We walk down to the centre of Tavistock where there is to be a community engagement fair consisting of lots of small stalls where community groups are represented inspiring Tavistock folk.
We meet Kit, and Mark the Community Police Officer, both members of Transition Town Tavistock. As Geri and I talk to Mark a fluttering of pink balloons are blown from their stall and Mark chases across the road to rescue them, returning them with a flourish to their rather embarrassed owner.
I think it is just delightful however, a scene that has redeemed the profession of policing somehow, and all the more so when I talk to Mark some more and hear his views, on why we have such crime, for we are criminalising people by the day by the way our society is designed, making it so difficult for everyone to be able to participate fully.
Mark says his dream is to make Tavistock more like Totnes, and I like the way he says this rather than moving to Totnes as many have and do. Tavistock is already a rather lovely town, and Mark has lived for 25 years, and my sense is that when he talks of emulating Totnes it is perhaps in terms of creating the magic that occurs when many people feel free enough to express their creativity, and this feels like a good thing for any place to strive towards.
As we talk I share the tale of Taunton and their partnership with the council and the Transition Together book they published and had printed and as I speak I know that this is the place to leave the copy of it I had brought away as a gift for another town and present it to Kit to take to the next group meeting and Mark talks of the other woman who came though bearing gifts once, Caroline Keen, who was once lady mayor too. She had brought back with her from a stay in Africa a revival of a once ancient custom in our land of taking a stone from place to place to represent that place as a gift to a neighbouring town. With that said Mark hares off to the river and meets me a few minutes later at the post office counter as I pay for sending yet another map home, with a stone, a stone from the bed of the River Tavi, to take on with me, to the next town.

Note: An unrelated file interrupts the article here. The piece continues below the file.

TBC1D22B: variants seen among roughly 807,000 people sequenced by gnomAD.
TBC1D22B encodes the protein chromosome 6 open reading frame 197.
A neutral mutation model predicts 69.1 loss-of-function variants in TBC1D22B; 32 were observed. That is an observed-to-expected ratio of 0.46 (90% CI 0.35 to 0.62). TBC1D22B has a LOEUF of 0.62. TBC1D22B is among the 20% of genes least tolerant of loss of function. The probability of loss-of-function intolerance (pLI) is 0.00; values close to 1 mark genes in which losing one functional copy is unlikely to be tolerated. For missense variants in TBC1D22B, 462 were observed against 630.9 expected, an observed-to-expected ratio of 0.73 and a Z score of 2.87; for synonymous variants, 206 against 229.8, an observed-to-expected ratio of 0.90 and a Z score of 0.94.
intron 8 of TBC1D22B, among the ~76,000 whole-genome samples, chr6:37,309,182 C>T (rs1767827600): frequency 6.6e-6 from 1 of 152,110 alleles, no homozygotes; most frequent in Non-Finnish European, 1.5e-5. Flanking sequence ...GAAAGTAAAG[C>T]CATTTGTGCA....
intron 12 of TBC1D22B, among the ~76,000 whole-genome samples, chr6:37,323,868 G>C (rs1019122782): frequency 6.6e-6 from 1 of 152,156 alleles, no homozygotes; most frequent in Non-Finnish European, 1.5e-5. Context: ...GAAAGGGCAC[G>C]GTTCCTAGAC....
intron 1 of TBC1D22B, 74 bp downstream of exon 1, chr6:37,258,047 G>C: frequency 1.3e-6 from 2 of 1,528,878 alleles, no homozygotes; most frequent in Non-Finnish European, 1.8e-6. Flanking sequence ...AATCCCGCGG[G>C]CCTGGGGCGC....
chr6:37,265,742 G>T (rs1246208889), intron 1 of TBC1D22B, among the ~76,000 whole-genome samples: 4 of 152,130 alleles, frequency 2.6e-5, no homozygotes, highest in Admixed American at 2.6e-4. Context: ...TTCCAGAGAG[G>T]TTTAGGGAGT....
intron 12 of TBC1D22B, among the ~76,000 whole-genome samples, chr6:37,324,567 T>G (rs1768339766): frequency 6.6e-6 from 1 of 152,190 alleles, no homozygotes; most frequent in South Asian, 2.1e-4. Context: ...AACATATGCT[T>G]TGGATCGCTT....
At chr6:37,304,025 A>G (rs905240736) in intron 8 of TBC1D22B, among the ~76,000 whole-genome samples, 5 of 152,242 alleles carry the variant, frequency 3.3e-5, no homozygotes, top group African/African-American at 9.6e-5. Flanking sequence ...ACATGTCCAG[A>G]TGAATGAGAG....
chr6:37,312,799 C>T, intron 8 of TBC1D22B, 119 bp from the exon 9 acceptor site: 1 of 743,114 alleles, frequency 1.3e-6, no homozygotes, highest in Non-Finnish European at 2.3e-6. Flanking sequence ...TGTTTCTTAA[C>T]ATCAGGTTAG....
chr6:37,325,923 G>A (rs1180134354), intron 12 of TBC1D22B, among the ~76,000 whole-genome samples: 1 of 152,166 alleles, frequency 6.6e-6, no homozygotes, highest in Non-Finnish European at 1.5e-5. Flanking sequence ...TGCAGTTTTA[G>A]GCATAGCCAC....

I take it in my hands and feel its texture, soon it becomes warm to the touch and I enjoy holding it. After a time I put it carefully into my pouch and take notice of what is happening on the stall at which I stand. I have admired the beautiful Transition Town Tavistock banner, it is hand stitched and embroidered, shows the famous Tavistock viaduct and a rosebud stretching out towards the east of it, to the future, where there is a bright sun shining, representing all the possibilities for new growth, a different kind of growth, healthy and vibrant, that are inherent in a transition town.
Georgiana is talking to the lovely but self effacing lady who helped stitch it, and who doesn’t like meetings, but loves to do things. She makes little of her contribution, but we know that it is the little things we each do that are changing our world, step by step, drop by drop, subtle shift by subtle shift.
Geri talks about the energy group that Transition Town Tavistock have formed, and at the stall free energy saving light bulbs are being given out and there are leaflets with information about where there are energy monitors to be lent out.
In the Transition newsletter I read of the food group, and the newly formed entertainment group which will kick off on the 10th October to coincide with the 1010 celebrations.
There are regular discussions about local food growing, news of the new West Devon waste scheme where council recycling will start to happen, and the information that Green Drinks happen every month, and it amusing and also slightly alarming that a man who passes by the stall and reads this information tries to work out what Green Drinks (…) might be and guesses that it might have to do with what might be in the drinks! Again I am struck by our inability to really understand one another across the in-language of each interest group and how it so often leads to difficulties and wonder not for the first time how we begin to address this, and how the role of interpreter is such a valuable and needed one, not just in international relationships but in our everyday communicating with one another even within our local communities.